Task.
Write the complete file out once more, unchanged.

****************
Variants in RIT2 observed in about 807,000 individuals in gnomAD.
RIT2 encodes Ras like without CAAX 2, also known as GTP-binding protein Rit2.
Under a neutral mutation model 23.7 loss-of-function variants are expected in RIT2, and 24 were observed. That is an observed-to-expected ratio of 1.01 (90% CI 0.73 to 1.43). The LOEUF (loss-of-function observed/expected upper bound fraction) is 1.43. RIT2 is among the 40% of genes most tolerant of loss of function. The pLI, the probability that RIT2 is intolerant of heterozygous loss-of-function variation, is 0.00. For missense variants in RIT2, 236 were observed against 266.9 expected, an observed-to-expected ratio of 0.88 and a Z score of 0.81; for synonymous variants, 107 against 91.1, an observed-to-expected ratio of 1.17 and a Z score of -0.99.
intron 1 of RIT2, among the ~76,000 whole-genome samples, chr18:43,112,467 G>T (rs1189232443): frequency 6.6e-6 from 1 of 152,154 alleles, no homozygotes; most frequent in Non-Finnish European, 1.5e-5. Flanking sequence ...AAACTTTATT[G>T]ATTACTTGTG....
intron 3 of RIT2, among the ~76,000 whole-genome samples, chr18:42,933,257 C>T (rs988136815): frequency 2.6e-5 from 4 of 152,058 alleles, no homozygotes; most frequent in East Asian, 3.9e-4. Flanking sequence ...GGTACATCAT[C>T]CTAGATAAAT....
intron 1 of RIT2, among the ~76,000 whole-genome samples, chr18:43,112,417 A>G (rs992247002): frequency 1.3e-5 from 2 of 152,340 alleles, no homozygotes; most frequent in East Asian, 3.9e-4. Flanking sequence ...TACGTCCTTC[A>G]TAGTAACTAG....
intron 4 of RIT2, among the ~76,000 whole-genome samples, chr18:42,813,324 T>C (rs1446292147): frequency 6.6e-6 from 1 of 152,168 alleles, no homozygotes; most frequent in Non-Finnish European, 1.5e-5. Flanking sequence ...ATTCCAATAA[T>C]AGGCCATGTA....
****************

Variants in RIT2 observed in about 807,000 individuals in gnomAD.
RIT2 encodes Ras like without CAAX 2, also known as GTP-binding protein Rit2.
Under a neutral mutation model 23.7 loss-of-function variants are expected in RIT2, and 24 were observed. That is an observed-to-expected ratio of 1.01 (90% CI 0.73 to 1.43). The LOEUF (loss-of-function observed/expected upper bound fraction) is 1.43. RIT2 is among the 40% of genes most tolerant of loss of function. The pLI, the probability that RIT2 is intolerant of heterozygous loss-of-function variation, is 0.00. For missense variants in RIT2, 236 were observed against 266.9 expected, an observed-to-expected ratio of 0.88 and a Z score of 0.81; for synonymous variants, 107 against 91.1, an observed-to-expected ratio of 1.17 and a Z score of -0.99.
intron 1 of RIT2, among the ~76,000 whole-genome samples, chr18:43,112,467 G>T (rs1189232443): frequency 6.6e-6 from 1 of 152,154 alleles, no homozygotes; most frequent in Non-Finnish European, 1.5e-5. Flanking sequence ...AAACTTTATT[G>T]ATTACTTGTG....
intron 3 of RIT2, among the ~76,000 whole-genome samples, chr18:42,933,257 C>T (rs988136815): frequency 2.6e-5 from 4 of 152,058 alleles, no homozygotes; most frequent in East Asian, 3.9e-4. Flanking sequence ...GGTACATCAT[C>T]CTAGATAAAT....
intron 1 of RIT2, among the ~76,000 whole-genome samples, chr18:43,112,417 A>G (rs992247002): frequency 1.3e-5 from 2 of 152,340 alleles, no homozygotes; most frequent in East Asian, 3.9e-4. Flanking sequence ...TACGTCCTTC[A>G]TAGTAACTAG....
intron 4 of RIT2, among the ~76,000 whole-genome samples, chr18:42,813,324 T>C (rs1446292147): frequency 6.6e-6 from 1 of 152,168 alleles, no homozygotes; most frequent in Non-Finnish European, 1.5e-5. Flanking sequence ...ATTCCAATAA[T>C]AGGCCATGTA....